Wednesday, 21 August 2013

Mirror's Edge: An Abandoned Game Worth Rescuing

Like a lot of others I partook in the recent Humble Origin Bundle, a ramshackle of games bundled together by EA and their digital distributor Origin to us, the penniless gamers. As a healthy stock of games and a great way to help out charity, I was eager to fork over my hard-earned dosh to a fine cause. Stowed away amongst the eight games was a game that’s constantly discussed and showcased as the saving grace of the often mundane first-person shooter genre: Mirror’s Edge.

I’d heard about it of course, gamers had been ranting and raving over the game for years now, yet it had always been an “I’ll play it one day” game. Sadly, that was how a lot of the world viewed it: a game that was a renowned success, but never really hooked the audience it deserved. To me, it was a game that just did not stand out – the colours were simplistic, I thought it would lack any sort of character, and it looked like a rudimentary puzzle game with a slight twist.

Boy, was I wrong.

Never in my life have I had such a visceral reaction to a game. It may look like a lot of running, sliding and hopping, but the experience is so much more. Mirror’s Edge makes it apparent that you aren’t running an obstacle course - you’re running for your life. Within the first few hours of gameplay I had to stop, not because I wasn’t enjoying myself, but because I thought I was going to have a heart attack. My heart was pounding in my chest, my hands were clammy with sweat and I was leaning so far forward in my chair I could have whispered sweet nothings to my computer.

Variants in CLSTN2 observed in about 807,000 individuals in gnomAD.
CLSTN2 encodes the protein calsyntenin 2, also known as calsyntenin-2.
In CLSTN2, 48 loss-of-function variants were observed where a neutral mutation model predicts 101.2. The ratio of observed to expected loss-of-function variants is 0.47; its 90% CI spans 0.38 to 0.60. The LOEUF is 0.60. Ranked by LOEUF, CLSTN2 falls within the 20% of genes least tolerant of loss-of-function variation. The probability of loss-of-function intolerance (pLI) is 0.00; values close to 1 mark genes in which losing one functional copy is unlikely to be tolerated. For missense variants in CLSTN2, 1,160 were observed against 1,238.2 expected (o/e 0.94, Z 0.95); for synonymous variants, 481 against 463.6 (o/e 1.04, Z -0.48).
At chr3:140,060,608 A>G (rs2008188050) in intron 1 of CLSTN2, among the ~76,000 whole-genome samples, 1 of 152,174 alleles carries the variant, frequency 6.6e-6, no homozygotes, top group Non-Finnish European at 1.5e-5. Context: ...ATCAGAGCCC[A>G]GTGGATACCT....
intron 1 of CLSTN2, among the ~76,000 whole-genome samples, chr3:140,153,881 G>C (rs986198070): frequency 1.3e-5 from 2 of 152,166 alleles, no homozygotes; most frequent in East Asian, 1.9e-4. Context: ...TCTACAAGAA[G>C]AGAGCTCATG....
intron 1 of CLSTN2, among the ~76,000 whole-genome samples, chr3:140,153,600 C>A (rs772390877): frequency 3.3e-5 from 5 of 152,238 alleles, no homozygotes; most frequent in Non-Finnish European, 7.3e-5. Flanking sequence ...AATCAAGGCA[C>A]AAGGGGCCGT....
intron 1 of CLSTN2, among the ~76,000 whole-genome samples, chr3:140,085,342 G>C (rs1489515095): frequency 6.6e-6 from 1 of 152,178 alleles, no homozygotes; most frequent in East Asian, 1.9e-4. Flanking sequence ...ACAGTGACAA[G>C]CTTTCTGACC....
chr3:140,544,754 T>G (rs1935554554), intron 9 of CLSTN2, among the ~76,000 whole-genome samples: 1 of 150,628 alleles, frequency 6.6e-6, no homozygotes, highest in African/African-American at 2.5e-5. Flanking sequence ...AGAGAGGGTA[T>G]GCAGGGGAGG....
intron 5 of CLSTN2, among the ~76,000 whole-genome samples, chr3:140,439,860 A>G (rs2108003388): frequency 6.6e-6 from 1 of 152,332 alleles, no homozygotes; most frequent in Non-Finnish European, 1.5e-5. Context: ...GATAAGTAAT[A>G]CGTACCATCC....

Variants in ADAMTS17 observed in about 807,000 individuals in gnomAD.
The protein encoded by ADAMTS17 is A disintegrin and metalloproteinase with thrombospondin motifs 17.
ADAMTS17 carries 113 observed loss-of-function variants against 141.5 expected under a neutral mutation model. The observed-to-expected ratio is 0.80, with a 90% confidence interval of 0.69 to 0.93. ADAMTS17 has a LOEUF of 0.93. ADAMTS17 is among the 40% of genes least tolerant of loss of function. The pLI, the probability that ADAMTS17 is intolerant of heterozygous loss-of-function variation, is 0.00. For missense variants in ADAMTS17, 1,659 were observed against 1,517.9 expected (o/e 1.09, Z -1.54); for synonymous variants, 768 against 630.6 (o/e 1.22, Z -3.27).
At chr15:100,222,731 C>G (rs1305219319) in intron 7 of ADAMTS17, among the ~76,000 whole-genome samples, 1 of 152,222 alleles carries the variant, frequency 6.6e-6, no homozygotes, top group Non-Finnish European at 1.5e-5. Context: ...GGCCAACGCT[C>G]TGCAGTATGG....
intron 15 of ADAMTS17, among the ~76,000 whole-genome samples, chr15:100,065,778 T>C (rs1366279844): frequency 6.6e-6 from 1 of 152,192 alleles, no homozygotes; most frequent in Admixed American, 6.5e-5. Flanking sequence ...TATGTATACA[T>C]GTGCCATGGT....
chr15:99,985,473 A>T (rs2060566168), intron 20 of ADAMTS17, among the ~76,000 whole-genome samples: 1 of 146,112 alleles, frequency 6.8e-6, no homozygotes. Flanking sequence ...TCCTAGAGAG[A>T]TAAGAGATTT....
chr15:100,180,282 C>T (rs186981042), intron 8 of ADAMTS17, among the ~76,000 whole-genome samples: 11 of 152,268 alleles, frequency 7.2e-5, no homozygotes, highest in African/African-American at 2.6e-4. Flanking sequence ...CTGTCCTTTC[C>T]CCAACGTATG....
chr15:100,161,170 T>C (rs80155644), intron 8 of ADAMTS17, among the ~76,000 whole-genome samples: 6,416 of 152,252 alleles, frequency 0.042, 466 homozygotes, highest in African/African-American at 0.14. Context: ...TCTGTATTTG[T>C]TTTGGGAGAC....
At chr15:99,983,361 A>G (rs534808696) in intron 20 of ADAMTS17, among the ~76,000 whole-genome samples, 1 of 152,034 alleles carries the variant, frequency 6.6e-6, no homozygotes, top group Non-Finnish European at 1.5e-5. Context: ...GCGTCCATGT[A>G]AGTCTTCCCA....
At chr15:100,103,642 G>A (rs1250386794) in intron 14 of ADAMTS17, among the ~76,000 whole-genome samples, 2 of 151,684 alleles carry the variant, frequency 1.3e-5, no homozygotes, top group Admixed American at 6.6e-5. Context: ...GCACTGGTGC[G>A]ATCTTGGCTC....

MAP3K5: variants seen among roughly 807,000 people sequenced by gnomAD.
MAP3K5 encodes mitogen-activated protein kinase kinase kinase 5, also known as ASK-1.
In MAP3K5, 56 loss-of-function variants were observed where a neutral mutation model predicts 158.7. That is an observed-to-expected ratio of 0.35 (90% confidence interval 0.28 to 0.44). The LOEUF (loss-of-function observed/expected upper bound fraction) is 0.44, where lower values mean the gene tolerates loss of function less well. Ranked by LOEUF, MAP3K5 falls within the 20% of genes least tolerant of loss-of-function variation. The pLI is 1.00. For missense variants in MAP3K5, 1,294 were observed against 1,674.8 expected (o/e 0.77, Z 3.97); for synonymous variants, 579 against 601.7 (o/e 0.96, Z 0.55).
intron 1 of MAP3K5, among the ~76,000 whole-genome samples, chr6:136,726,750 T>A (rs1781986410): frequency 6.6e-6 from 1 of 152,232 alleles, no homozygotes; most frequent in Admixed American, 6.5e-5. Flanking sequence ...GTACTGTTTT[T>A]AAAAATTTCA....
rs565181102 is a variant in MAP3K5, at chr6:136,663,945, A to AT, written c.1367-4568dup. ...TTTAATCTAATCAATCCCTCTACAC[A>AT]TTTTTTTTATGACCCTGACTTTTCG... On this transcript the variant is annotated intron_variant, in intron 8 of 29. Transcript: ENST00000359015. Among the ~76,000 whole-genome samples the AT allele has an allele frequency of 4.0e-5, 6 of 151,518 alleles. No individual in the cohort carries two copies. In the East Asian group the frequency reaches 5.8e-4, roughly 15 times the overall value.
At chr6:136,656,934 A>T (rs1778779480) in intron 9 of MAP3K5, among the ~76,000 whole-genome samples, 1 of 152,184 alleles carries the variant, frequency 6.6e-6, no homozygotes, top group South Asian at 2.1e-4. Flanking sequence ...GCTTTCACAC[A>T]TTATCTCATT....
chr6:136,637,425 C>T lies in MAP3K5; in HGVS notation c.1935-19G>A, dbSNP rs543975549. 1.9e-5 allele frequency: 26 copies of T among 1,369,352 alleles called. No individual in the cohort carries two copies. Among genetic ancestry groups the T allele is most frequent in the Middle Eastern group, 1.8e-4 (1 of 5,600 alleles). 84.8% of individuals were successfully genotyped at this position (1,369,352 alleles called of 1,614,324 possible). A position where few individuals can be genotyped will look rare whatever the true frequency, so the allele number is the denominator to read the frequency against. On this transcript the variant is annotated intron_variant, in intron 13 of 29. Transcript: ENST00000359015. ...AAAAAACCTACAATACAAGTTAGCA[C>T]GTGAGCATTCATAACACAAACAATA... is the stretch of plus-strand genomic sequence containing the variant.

The level design may seem sterile at first, but slowly you'll start to see the importance of colour.
The first time I fell of a building I had to stand up, walk away from my desk and let my feet know that, thankfully, they were still firmly nestled against the ground. After a while you find yourself becoming claustrophobic in the game, being inside buildings grips you with a steady unease and you find yourself sprinting through hallways just so you can get to the safe sanctuary of the fresh air and open skies. The same can be said for height: the higher up you are, the safer you feel. You’re like Icarus, trying so hard to stay close to the sun, doing anything you can to stop from meeting the harsh, cold touch of the ground.

The game is full of these deep motifs – you feel like freedom only reigns above; free thought, free speech, that you’re not one of the mindless drones below, walking nowhere. The colour scheme of the game heightens this notion of a world constricted by mindless corporations and oppressive governments. Each major corporate establishment is divided by a single colour scheme that is used so blatantly that it’s overwhelming. It sucks all emotion from the levels and makes you feel like you are truly nothing more than a lonely individual in a world where conformity is key.

Mirror’s Edge is a game you might overlook, it might be a game that you’ll say “I’ll play that one day”. Well, days have come and days have gone and Mirror’s Edge is still a game that people talk about. Come and join the discussion.

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